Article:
Former Chicago Cubs player Ben Zobrist has filed a lawsuit accusing his former pastor of having a sexual relationship with his wife Julianna Zobrist and defrauding his charity.
According to the complaint, which was filed by the 40-year-old on May 6, Byron Yawn allegedly "usurped the ministerial-counselor role, violated and betrayed the confidence entrusted to him by the plaintiff, breached his fiduciary duty owed to the plaintiff and deceitfully used his access as counselor to engage in an inappropriate sexual relationship with the plaintiff’s wife" while acting as the executive director of Ben's charity and the former couple's marital counselor.
Ben is reportedly seeking $6 million in damages.
"At the end of the day, a woman has the right to choose who she wants to be with," Yawn’s attorney, Christopher Bellamy told the Chicago Tribune. "We’re in the middle of litigation, so I can’t really comment further at this point, but that’s what it boils down to."
"My client deserves his day in court and for the truth to be heard, and so we’re going to do that through the court process," the attorney added.
In 2019, Zobrist put his baseball career on hold for four months while he and his wife, Julianna, worked on their marital issues. According to the lawsuit obtained by the Journal Star, he lost approximately $8 million during that time.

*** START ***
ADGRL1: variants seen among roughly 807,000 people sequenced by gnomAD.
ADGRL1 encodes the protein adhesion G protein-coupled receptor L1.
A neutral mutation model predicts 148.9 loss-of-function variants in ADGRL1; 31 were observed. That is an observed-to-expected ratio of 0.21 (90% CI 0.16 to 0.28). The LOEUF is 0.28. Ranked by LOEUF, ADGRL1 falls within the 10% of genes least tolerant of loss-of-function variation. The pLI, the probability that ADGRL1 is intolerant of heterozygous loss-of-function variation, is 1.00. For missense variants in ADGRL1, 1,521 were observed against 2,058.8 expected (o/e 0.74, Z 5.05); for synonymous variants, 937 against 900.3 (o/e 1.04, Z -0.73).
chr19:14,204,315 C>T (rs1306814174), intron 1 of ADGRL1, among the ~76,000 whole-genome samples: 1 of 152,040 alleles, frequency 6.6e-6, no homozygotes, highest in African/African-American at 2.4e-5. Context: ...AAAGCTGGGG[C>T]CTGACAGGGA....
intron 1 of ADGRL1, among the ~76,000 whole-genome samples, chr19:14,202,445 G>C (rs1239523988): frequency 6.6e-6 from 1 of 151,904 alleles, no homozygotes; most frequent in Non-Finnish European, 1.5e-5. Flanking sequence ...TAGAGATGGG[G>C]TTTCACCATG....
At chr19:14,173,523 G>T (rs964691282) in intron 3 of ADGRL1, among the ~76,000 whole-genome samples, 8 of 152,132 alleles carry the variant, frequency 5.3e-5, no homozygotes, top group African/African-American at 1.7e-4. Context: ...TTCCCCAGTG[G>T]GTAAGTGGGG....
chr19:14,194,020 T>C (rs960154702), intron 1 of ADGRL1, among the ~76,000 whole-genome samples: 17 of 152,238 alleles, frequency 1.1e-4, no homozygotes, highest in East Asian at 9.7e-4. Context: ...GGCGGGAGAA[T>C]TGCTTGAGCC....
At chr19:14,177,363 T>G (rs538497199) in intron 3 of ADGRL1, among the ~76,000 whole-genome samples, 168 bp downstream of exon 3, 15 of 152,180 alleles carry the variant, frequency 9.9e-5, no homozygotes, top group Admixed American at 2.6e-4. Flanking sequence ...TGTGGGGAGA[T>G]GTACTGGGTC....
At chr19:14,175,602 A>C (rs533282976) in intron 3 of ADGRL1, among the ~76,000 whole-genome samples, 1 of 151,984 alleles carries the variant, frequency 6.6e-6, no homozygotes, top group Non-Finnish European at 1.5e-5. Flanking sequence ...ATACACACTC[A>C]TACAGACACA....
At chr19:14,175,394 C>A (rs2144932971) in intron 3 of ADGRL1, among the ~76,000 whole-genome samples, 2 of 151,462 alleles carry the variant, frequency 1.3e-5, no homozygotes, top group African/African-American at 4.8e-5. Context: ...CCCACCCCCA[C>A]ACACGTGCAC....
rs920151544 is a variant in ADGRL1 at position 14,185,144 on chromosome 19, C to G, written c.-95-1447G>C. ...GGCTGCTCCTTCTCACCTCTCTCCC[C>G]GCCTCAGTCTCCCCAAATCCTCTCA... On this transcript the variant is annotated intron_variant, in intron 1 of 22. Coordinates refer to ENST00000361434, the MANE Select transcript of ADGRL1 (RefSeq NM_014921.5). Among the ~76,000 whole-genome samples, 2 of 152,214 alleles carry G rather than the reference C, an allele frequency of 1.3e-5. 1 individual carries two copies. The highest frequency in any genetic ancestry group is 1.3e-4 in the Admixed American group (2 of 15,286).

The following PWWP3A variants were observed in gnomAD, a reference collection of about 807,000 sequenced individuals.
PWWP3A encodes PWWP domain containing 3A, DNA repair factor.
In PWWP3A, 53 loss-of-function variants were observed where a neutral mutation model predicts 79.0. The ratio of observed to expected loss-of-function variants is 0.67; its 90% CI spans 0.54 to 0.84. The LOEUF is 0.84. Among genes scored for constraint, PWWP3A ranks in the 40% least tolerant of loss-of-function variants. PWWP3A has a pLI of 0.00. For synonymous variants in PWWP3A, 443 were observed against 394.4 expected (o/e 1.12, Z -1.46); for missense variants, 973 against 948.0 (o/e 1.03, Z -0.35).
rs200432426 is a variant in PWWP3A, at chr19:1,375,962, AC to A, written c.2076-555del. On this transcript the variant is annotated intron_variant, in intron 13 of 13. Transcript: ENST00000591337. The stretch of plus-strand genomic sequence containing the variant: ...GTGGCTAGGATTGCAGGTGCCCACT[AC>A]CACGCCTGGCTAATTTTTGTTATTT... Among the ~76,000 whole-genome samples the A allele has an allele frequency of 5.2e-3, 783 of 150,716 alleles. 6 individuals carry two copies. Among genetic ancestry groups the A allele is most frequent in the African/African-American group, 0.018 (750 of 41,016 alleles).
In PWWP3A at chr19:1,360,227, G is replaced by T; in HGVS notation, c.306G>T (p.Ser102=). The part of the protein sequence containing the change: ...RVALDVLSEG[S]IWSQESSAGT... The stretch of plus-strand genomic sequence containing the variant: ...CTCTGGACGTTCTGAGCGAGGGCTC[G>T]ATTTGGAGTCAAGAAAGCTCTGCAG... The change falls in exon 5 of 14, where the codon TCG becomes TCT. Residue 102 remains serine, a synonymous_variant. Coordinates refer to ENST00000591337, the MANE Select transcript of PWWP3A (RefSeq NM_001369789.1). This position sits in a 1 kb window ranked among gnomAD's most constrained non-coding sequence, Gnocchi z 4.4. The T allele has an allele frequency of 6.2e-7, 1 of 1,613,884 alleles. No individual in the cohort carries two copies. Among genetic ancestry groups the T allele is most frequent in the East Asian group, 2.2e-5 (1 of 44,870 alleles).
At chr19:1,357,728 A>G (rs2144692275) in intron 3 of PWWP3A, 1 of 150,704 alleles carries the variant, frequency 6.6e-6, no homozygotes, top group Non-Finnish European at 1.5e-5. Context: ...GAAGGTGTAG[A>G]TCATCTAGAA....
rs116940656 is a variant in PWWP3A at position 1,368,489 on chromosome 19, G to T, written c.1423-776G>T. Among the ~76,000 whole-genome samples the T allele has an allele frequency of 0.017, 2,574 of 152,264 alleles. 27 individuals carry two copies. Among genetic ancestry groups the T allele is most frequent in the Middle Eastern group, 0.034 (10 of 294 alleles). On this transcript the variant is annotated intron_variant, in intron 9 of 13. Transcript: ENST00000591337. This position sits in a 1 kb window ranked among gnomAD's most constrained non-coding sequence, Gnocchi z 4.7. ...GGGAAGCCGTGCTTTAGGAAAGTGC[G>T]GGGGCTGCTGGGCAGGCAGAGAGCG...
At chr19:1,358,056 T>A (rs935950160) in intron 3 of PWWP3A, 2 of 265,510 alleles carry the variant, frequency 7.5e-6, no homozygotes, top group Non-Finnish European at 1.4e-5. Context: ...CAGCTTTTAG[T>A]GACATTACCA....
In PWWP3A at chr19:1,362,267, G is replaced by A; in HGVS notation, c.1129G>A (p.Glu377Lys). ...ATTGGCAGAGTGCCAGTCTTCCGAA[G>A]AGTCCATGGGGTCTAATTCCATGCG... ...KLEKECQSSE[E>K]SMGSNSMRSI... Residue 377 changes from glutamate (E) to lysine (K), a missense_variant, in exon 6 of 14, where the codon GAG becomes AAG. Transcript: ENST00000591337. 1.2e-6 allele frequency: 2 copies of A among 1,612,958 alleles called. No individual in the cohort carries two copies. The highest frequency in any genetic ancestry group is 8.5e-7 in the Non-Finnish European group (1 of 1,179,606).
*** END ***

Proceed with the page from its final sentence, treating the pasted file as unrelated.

According to the lawsuit, Yawn provided pre- and post-marital counseling for the pair, and he counseled Ben though anxiety and depression. But beginning in August 2018, Yawn spoke with Julianna daily and their sexual relationship allegedly began in spring 2019, lasting around a year.
Yawn and Julianna allegedly used prepaid cellphones to speak to one another, which was discovered by Yawn's wife Robin Yawn in May 2019. Robin alerted Ben and said she believed her husband and his wife were having an emotional affair.
Ben was reportedly unaware that the relationship was sexual, the lawsuit read. Julianna admitted the nature of the relationship and revealed that she had lied to her husband in response to written requests for admission during divorce proceedings.
Ben also alleged that Yawn defrauded his charity for athletes, which promotes mental health and helps them transition after their career ends. The pastor is said to have "drafted his own job description as executive director" in December 2018.
According to the lawsuit, Ben was paying $10,000 per month to Yawn’s church and $10,000 to $15,000 to fund a "pastoral trip" for Yawn and his family.
In March 2019, Yawn was reportedly fired but "somehow continued to fraudulently receive salary checks until May of 2019.” The suit claims he cashed the checks despite knowing he was fired.
Ben is seeking damages for breach of fiduciary duty and intentional infliction of emotional distress. According to the athlete, Yawn's behavior constitute “outrageous conduct."
Ben reportedly filed for divorce in May 2019 in Williamson County, Tenn., while Julianna filed a counter-complaint in March 2020. The cases are said to be pending.